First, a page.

Berry Heartís racist attack in Kasane, just a tip of an iceberg

Berry Heart
Berry Heart

The statue of Cecil John Rhodes, a prominent British mining magnate and African coloniser has been pulled down at the University of Capetown after a prolonged protest by students.

Black students found the statue offensive, and resented its preservation as it brought brutal memories.

The removal sparked debates and mixed feelings in many quarters including our own Botswana. With some questioning the rationale behind the removal as the statue is an embodiment of the history of RSA. While the other perspective is that, such heritage figures only serve as a reminder of a horrid past of the blacks at the hands of white supremacists.

Closer to home, an unfortunate racist attack played itself out in one of Botswana’s popular tourist centres of Kasane.  The narration goes that a middle-aged white man threw a beer bottle towards a table occupied by these three black ladies and in the process hit a nearby pillar, which smashed and splashed its contents and pieces of bottle on the ladies.


Shocked and dismayed by what might have attracted that fury to be visited on them, upon enquiry, they were ignored by the perpetrator as if nothing grotesque happened. Bringing the whole fiasco to the attention of the Lodge management didn’t help at which point the victims had no choice but to involve the police.

The perpetrator in this melodrama is alleged to have uttered the following words “ ba yaka mabelete a ithekesang a ke tla le bolaya”.

To add insult to injury, he is alleged to have further said because of the colour of his skin, he would kill them and still get away with it even if they involved the police because they were his pals.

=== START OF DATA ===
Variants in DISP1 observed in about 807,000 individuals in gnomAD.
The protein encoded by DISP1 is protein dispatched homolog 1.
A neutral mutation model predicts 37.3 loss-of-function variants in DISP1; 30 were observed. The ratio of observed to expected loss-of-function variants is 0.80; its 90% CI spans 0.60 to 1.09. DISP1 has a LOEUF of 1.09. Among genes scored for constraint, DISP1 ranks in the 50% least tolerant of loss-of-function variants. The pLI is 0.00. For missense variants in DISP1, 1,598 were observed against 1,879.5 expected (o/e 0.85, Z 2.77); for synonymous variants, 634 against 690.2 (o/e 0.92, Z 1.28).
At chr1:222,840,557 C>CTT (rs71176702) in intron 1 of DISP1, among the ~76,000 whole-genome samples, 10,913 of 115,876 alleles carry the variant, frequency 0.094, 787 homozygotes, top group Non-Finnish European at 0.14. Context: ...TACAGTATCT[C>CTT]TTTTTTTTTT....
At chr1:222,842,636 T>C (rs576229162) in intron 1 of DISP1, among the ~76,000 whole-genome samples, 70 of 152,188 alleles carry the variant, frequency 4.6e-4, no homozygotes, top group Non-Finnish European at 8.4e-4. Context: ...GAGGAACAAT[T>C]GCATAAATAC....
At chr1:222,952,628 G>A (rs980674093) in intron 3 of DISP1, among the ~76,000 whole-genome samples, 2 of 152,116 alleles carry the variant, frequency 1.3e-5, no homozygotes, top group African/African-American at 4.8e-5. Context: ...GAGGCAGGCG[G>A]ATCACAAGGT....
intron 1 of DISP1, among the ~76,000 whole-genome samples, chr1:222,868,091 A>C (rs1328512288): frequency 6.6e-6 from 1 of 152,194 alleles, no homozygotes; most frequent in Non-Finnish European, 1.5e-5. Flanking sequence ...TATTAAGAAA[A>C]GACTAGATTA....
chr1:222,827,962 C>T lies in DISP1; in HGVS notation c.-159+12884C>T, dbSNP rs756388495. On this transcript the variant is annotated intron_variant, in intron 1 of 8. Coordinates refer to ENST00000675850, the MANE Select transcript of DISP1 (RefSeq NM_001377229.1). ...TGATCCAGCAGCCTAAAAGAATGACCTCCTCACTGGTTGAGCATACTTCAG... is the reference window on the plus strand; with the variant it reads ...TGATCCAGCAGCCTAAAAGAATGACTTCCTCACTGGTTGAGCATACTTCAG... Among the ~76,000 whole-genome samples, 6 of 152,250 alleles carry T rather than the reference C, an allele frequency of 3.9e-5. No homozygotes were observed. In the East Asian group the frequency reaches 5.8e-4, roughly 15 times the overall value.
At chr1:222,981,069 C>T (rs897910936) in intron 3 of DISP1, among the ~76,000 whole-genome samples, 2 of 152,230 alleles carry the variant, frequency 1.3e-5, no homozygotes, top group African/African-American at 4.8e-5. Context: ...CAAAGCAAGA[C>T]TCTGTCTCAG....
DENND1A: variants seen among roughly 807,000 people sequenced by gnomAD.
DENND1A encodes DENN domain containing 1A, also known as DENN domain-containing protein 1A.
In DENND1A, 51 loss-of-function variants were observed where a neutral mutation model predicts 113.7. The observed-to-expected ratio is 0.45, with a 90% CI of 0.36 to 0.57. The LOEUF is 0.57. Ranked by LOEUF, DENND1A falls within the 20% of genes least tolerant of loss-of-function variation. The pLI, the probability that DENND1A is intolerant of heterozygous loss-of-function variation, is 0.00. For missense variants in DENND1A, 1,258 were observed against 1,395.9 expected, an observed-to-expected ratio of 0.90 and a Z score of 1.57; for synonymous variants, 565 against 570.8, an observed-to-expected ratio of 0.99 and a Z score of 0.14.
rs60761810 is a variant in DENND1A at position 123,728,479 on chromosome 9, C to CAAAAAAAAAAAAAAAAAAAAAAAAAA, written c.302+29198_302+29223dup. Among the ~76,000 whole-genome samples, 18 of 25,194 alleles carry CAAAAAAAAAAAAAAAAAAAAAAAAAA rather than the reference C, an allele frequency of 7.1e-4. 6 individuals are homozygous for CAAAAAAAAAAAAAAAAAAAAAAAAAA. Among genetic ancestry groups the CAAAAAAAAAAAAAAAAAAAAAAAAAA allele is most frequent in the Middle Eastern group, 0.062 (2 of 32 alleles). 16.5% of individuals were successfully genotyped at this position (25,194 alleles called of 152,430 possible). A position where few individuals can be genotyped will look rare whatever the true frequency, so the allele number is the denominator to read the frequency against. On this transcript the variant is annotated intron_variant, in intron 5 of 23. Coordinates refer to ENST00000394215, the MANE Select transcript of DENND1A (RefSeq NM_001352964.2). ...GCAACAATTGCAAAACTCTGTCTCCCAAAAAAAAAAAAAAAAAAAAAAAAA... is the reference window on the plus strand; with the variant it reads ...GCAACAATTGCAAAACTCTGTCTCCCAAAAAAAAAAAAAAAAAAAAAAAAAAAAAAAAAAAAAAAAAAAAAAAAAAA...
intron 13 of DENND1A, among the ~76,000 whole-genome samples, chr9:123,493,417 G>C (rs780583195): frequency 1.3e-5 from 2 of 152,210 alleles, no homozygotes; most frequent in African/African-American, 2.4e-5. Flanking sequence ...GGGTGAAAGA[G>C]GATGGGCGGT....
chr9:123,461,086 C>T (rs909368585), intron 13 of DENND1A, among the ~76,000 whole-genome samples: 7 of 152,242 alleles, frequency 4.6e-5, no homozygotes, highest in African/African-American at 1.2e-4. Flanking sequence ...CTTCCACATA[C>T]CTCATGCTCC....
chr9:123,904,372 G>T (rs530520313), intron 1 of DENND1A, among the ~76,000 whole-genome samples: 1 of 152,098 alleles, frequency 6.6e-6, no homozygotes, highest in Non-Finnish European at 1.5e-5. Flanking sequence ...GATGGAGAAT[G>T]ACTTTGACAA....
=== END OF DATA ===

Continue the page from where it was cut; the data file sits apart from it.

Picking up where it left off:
It unfolds that the police were reluctant to register the case and press charges against the perpetrator, but instead sought to downplay the seriousness of the case knowing very well  the severity of the case that not only defames and maligns the victims,  but also carries a threat to kill.

Now, what is on record is that cases of this nature are prevalent mainly in Botswana’s Tourism sector. Blacks are subjugated and predjucised on the basis of their skin colour. 

Local black employees, who mainly provide semi-skilled to unskilled labour are on the  receiving end of degrading, sub-human/slavery treatment at the hands of their white ‘masters’.

Would-be black guests don’t from escape the frustration of being turned back under the guise of the lodges being full,  while real the intention is to lodge only in whites.

This is the reality in the lucrative, money-spinning tourism business in Botswana. This situation has been allowed to happen under the noses of our authorities and powers-that-be pretending to not know or deliberately adopting a see-no-evil hear no-evil attitude at the suffrage of our people who are forced by socio-economic status to accept the worst employment conditions that can only be found on war-torn countries.

This kind of treatment meted against the less empowered and disadvantaged black groups is as old as mankind.

The interaction between the rich, extremely racist whites supremacists on one hand, and the poor disadvantaged black people still resembles the master and slave relations during the colonial days. I remember, during the past Parliament, adopting a fact-finding mission to tour tourist destinations in the north to establish the extent of racism and related human rights abuses, including but not limited; to verbal, sexual, physical and industrial abuse.